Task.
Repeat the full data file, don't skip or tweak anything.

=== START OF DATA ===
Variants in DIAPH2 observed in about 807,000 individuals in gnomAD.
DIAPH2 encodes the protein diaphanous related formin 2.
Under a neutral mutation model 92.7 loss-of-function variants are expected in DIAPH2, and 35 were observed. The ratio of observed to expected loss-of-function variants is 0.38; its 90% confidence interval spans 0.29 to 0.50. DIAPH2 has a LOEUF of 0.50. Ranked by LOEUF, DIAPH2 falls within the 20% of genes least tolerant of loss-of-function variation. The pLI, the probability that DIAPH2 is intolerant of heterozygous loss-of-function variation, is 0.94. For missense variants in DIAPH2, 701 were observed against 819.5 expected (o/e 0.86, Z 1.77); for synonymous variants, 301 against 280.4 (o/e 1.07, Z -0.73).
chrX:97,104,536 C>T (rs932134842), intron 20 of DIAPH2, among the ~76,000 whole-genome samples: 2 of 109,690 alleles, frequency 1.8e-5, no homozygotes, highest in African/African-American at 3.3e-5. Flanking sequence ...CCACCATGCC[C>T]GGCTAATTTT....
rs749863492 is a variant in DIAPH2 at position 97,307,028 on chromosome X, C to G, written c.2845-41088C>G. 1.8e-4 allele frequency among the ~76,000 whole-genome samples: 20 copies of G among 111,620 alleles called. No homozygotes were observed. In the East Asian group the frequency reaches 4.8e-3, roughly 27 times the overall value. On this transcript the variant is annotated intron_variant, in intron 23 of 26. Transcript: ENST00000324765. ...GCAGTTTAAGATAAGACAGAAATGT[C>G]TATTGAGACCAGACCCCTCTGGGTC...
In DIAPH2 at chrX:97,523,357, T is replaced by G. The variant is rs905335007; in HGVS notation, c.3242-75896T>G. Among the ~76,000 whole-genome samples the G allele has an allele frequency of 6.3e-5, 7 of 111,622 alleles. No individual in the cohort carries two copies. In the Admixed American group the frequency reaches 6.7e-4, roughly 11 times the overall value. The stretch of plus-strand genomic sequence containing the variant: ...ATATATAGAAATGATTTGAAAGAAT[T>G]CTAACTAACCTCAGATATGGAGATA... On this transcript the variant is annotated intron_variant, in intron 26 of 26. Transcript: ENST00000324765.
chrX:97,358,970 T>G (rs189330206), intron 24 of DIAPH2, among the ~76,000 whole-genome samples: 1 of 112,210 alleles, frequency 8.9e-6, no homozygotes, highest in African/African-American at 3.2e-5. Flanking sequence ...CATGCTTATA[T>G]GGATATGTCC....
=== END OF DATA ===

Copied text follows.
Variants in DIAPH2 observed in about 807,000 individuals in gnomAD.
DIAPH2 encodes the protein diaphanous related formin 2.
Under a neutral mutation model 92.7 loss-of-function variants are expected in DIAPH2, and 35 were observed. The ratio of observed to expected loss-of-function variants is 0.38; its 90% confidence interval spans 0.29 to 0.50. DIAPH2 has a LOEUF of 0.50. Ranked by LOEUF, DIAPH2 falls within the 20% of genes least tolerant of loss-of-function variation. The pLI, the probability that DIAPH2 is intolerant of heterozygous loss-of-function variation, is 0.94. For missense variants in DIAPH2, 701 were observed against 819.5 expected (o/e 0.86, Z 1.77); for synonymous variants, 301 against 280.4 (o/e 1.07, Z -0.73).
chrX:97,104,536 C>T (rs932134842), intron 20 of DIAPH2, among the ~76,000 whole-genome samples: 2 of 109,690 alleles, frequency 1.8e-5, no homozygotes, highest in African/African-American at 3.3e-5. Flanking sequence ...CCACCATGCC[C>T]GGCTAATTTT....
rs749863492 is a variant in DIAPH2 at position 97,307,028 on chromosome X, C to G, written c.2845-41088C>G. 1.8e-4 allele frequency among the ~76,000 whole-genome samples: 20 copies of G among 111,620 alleles called. No homozygotes were observed. In the East Asian group the frequency reaches 4.8e-3, roughly 27 times the overall value. On this transcript the variant is annotated intron_variant, in intron 23 of 26. Transcript: ENST00000324765. ...GCAGTTTAAGATAAGACAGAAATGT[C>G]TATTGAGACCAGACCCCTCTGGGTC...
In DIAPH2 at chrX:97,523,357, T is replaced by G. The variant is rs905335007; in HGVS notation, c.3242-75896T>G. Among the ~76,000 whole-genome samples the G allele has an allele frequency of 6.3e-5, 7 of 111,622 alleles. No individual in the cohort carries two copies. In the Admixed American group the frequency reaches 6.7e-4, roughly 11 times the overall value. The stretch of plus-strand genomic sequence containing the variant: ...ATATATAGAAATGATTTGAAAGAAT[T>G]CTAACTAACCTCAGATATGGAGATA... On this transcript the variant is annotated intron_variant, in intron 26 of 26. Transcript: ENST00000324765.
chrX:97,358,970 T>G (rs189330206), intron 24 of DIAPH2, among the ~76,000 whole-genome samples: 1 of 112,210 alleles, frequency 8.9e-6, no homozygotes, highest in African/African-American at 3.2e-5. Flanking sequence ...CATGCTTATA[T>G]GGATATGTCC....